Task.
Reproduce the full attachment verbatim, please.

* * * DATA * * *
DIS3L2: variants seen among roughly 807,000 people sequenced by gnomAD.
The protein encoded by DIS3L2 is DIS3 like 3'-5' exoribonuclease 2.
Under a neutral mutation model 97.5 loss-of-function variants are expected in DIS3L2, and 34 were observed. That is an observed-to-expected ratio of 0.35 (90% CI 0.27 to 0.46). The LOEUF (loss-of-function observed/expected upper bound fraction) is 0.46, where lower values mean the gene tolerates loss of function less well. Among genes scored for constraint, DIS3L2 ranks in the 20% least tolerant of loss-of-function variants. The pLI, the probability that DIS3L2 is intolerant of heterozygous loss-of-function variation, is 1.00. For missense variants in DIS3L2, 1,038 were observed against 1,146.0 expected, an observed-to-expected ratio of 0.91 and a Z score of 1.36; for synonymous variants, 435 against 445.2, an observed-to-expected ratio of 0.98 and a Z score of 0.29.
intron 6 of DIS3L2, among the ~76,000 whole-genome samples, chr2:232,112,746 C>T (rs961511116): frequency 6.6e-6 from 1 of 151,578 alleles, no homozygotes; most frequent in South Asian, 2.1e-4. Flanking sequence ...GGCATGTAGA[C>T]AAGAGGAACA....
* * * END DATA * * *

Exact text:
DIS3L2: variants seen among roughly 807,000 people sequenced by gnomAD.
The protein encoded by DIS3L2 is DIS3 like 3'-5' exoribonuclease 2.
Under a neutral mutation model 97.5 loss-of-function variants are expected in DIS3L2, and 34 were observed. That is an observed-to-expected ratio of 0.35 (90% CI 0.27 to 0.46). The LOEUF (loss-of-function observed/expected upper bound fraction) is 0.46, where lower values mean the gene tolerates loss of function less well. Among genes scored for constraint, DIS3L2 ranks in the 20% least tolerant of loss-of-function variants. The pLI, the probability that DIS3L2 is intolerant of heterozygous loss-of-function variation, is 1.00. For missense variants in DIS3L2, 1,038 were observed against 1,146.0 expected, an observed-to-expected ratio of 0.91 and a Z score of 1.36; for synonymous variants, 435 against 445.2, an observed-to-expected ratio of 0.98 and a Z score of 0.29.
intron 6 of DIS3L2, among the ~76,000 whole-genome samples, chr2:232,112,746 C>T (rs961511116): frequency 6.6e-6 from 1 of 151,578 alleles, no homozygotes; most frequent in South Asian, 2.1e-4. Flanking sequence ...GGCATGTAGA[C>T]AAGAGGAACA....